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Yale College Dean Jonathan Holloway named new Northwestern provost

Jonathan Holloway

Source: Yale University's Department of African American Studies website

Jonathan Holloway

Peter Kotecki, Campus Editor

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Jonathan Holloway, dean of Yale College, will become Northwestern’s next provost, the University announced Monday.

Northwestern has been searching for a new provost since June when the University announced that Dan Linzer would step down at the end of this academic year. Holloway will start July 1, 2017.

The Yale dean was selected after an interview process that included input from 11 faculty, five University trustees and five senior administrators, said University President Morton Schapiro in an October interview with The Daily. Schapiro said he made the final decision to hire Holloway.

Before he became dean in July 2014, Holloway was chair of Yale’s African-American studies department. Holloway also teaches history and American studies, and he specializes in post-emancipation U.S. history. He completed his bachelor’s degree in American studies at Stanford University, after which he earned three degrees at Yale, including a Ph.D. in history. Holloway has taught at Yale since 1999.

Holloway is in his third year of a five-year term as dean of Yale College. In an email addressed to the Yale College community sent Monday, Holloway said when he was appointed to the position he had planned to serve at least a full term, and it was “difficult to arrive at the decision to leave so soon.”

In the same email, Yale University President Peter Salovey said Holloway’s decision to leave the university was an “incalculable” loss, calling Holloway a “revered teacher and mentor.”

Peter Huang, Yale’s student body president, said Holloway is well-regarded by most Yale students and has a reputation for listening to students’ concerns.

“He’s made a point of being receptive to students no matter how busy he is,” Huang said. “We can tell he cares.”

Huang also noted that some students have complained that despite Holloway being a good listener, there’s “sometimes a perception that nothing changes.” But Huang added that this criticism is leveled at most Yale administrators, not just Holloway.

In November 2015, hundreds of Yale students crowded the university’s quad during a week of protests that called on administrators to do more to support marginalized students. Holloway stood for three hours and listened to students’ stories and criticism, and he eventually addressed the crowd.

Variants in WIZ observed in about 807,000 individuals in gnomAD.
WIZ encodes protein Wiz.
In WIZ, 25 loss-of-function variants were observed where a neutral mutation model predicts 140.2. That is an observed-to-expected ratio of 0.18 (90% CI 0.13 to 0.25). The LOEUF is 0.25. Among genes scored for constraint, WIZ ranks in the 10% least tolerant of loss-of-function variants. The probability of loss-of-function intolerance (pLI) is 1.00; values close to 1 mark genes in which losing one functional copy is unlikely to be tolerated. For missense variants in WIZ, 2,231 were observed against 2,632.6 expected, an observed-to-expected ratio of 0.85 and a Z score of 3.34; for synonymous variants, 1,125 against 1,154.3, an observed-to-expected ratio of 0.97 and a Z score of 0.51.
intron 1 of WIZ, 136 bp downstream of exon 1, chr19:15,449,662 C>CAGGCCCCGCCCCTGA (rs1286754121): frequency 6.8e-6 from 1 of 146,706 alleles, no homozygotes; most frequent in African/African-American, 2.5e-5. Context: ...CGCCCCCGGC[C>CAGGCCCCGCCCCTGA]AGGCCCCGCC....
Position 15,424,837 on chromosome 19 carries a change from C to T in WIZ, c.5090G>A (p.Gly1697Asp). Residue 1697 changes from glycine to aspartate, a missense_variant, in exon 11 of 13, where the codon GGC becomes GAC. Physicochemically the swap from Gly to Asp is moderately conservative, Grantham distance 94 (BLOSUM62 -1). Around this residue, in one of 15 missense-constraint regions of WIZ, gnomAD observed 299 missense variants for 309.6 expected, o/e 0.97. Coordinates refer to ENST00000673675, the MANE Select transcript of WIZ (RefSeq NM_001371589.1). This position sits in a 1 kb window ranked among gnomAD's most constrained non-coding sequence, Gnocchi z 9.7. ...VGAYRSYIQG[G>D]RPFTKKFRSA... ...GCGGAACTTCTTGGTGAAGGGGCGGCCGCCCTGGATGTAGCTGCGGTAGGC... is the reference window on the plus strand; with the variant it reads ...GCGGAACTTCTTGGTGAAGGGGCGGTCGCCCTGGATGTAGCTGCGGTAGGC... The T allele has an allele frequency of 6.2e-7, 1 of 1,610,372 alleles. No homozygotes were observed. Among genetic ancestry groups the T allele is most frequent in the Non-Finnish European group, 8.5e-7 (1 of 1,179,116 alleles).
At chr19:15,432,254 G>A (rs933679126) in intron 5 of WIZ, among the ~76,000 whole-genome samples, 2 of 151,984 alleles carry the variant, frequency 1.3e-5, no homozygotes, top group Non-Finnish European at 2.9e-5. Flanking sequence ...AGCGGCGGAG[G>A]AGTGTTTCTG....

“It is painful for me — as someone who has a vested interest in supporting you — to hear what you have just told me, but I am glad you did,” he told students, according to a story in the Yale Daily News. “I’m here for you. I do have your back. Please know that I have heard your stories, and I’ll leave here changed.”

During the protests, Holloway wanted to support students coming from all sides of the issues discussed, he told The Daily.

“I felt it important to be a visible presence since so many people involved in the protests were undergraduates,” Holloway said in an email to The Daily. “I also felt it important at times to lay back a bit so that I wasn’t interfering with individuals’ or groups’ opportunities to express their opinions.”

Holloway said he intends to visit NU regularly over the next few months. Although he already knows faculty in some of the humanities departments at NU, Holloway said he will work to get better acquainted with members of the science, technology, engineering and mathematics fields at the university.

“These are areas of incredible strength to Northwestern, and I want to do what I can to support them,” he said.

Holloway will replace Linzer, who served a decade in the position. Last week, Schapiro told The Daily it was a “blessing” to work closely with Linzer.

Schapiro, whose schedule requires him to travel frequently, said his priority was to hire a provost he could fully trust.

“I have to rely on the provost without having to look over the provost’s shoulder,” Schapiro told The Daily in October.

With the search process for Linzer’s successor now over, Schapiro said he is looking forward to working with Holloway.

“I think people are really going to, once they get to know this person, they are going to be really excited,” Schapiro told The Daily last week. “I say that from faculty, from staff, from graduate and professional and from undergrads. This person has got lots of experience dealing with undergrads as well as those other areas, and it happens to be a passion of this person.”

Although Holloway’s position as dean of Yale College allowed him to be “deeply embedded” with undergraduates there, he said his new position is a broader responsibility that includes working with faculty and school deans.

“It’s a bigger job than I’ve done in the past, but really interesting and compelling,” he said. “It’s exciting to think about the possibilities.”

Shane McKeon contributed reporting.

Email: [email protected]
Twitter: @peterkotecki

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